While we know spring-training stats don’t mean much, Kipnis quickly became the poster child for that in 2018. He broke camp with an 1.193 OPS and eight extra-base hits in 52 at-bats before those horrendous struggles to begin the regular season.

a man in a baseball uniform throwing a ball © Gary A. Vasquez-USA TODAY Sports

German Marquez, Colorado Rockies

The up-and-down year from Jon Gray and Cy Young-worthy performance from Kyle Freeland made it easy to overlook what German Marquez did. His innings pitched (196), fWAR (4.5), and strikeout rate (28.2%) all improved for the second consecutive year, and he can thank an incredible second half for that.

Heading into the All-Star Break, Marquez owned a 4.81 ERA with a 23.5% strikeout rate and 8.2% walk rate. Those numbers improved dramatically to 2.61, 33.9%, and 5.5%, respectively over his final 93 frames. It’s even gotten him recognition as a sleeper Cy Young candidate for the upcoming year.

Marquez’s slider saw a tremendous improvement, as well. After it was his least-used pitch in 2017 and yielded a 247 wRC+ and 6.3% strikeout rate, it was his third-most used pitch of 2018, producing a 17 wRC+ and 40.4% strikeout rate.

Nicholas Castellanos, Detroit Tigers

Although Nicholas Castellanos would prefer to start 2019 with a team not named the Tigers, it doesn’t look like that’s going to happen. At the very least, not until some big free-agent names finally come off the board. Like, you know, that Bryce Harper guy.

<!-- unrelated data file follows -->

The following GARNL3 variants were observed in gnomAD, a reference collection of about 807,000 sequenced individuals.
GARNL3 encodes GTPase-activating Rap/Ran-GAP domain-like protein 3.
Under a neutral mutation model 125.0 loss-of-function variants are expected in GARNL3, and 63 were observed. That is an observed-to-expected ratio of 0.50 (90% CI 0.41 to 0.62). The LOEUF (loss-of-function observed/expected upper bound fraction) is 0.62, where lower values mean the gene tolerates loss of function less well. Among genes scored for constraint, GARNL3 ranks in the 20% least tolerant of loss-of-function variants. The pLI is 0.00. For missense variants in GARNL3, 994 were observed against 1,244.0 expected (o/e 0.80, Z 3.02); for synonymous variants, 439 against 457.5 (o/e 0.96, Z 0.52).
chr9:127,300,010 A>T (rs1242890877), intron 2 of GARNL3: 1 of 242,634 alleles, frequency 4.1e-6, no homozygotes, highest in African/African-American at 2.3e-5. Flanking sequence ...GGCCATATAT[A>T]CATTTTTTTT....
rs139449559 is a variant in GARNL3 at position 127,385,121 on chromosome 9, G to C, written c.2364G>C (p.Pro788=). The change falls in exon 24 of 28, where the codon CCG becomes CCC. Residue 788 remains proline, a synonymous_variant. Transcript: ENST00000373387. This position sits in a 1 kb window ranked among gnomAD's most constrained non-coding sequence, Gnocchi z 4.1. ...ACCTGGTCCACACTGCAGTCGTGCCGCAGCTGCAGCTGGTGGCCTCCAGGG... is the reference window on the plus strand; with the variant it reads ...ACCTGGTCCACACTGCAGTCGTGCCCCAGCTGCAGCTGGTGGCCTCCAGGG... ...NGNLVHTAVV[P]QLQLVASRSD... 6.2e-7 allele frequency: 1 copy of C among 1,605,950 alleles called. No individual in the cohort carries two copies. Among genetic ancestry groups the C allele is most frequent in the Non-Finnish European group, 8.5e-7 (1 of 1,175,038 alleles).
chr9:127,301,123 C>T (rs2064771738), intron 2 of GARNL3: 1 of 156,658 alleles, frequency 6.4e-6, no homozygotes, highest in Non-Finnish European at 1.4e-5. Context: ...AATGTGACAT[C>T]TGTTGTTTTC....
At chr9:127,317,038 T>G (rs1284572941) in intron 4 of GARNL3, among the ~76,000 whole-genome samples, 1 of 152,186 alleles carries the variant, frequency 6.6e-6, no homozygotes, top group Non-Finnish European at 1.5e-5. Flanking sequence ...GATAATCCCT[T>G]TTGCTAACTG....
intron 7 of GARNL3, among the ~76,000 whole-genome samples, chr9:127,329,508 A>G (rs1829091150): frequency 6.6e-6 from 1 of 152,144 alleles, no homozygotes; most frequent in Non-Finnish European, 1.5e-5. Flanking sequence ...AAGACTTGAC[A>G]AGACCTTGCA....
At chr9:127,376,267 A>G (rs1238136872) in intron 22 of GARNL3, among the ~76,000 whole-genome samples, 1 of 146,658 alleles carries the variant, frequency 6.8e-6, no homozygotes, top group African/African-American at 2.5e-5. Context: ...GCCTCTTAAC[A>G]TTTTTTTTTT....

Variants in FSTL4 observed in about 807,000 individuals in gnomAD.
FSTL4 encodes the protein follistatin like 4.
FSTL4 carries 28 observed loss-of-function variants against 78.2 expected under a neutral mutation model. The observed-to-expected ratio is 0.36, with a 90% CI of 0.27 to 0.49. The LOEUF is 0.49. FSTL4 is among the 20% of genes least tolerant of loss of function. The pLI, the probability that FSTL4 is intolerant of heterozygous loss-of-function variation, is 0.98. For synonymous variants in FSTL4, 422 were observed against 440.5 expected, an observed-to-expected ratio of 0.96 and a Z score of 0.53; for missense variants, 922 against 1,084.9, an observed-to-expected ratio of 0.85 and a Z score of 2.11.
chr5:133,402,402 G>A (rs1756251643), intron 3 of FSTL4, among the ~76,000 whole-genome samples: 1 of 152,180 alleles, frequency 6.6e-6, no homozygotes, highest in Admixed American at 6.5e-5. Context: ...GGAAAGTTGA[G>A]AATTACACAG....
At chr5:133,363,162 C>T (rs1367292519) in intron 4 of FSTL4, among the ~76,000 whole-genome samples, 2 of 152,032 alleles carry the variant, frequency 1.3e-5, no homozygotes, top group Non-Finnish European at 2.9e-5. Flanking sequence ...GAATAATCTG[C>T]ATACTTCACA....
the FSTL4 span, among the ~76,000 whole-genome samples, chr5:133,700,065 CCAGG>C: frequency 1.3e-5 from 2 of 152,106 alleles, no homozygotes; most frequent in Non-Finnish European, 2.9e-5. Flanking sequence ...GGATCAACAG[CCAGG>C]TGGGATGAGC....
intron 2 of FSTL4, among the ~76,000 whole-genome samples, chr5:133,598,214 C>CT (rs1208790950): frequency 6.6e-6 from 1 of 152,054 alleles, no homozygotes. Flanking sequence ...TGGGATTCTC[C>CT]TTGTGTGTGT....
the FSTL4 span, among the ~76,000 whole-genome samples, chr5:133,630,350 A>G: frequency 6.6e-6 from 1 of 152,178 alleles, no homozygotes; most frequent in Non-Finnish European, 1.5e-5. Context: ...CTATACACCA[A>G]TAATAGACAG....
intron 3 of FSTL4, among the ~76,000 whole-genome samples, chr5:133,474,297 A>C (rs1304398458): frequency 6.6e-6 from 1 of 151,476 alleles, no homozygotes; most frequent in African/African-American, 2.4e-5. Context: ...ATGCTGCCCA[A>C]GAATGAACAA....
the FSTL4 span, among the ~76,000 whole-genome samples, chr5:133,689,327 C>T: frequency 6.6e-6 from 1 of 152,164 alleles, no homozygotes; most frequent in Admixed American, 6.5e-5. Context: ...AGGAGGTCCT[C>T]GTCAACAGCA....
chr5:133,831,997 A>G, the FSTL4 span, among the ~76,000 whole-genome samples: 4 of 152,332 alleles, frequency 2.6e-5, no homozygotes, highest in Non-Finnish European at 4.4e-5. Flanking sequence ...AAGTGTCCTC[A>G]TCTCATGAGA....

It’s hard to blame either side here — Castellanos is in his final year of team control before free agency and is probably tired of all the losing. Detroit, on the other hand, is still a ways away from being competitive again. With their slugging outfielder being a final legitimate trade chip, they’re trying to get as much value as possible in a potential deal.

Offensive potential has never been an issue for Castellanos, which culminated in 2018 with career highs in wRC+ (130) and fWAR (3.0). The issue is how bad he is defensively. He was so bad at third base (-64 DRS for career) that he was moved out to right field permanently this past year. That also didn’t go well, as his -19 DRS was fifth-worst among qualified hitters.

It’s not a question of if he’ll ever be an asset on defense — that’ll probably never happen — it’s how much it’ll take away from his offensive production.

Carlos Correa, Houston Astros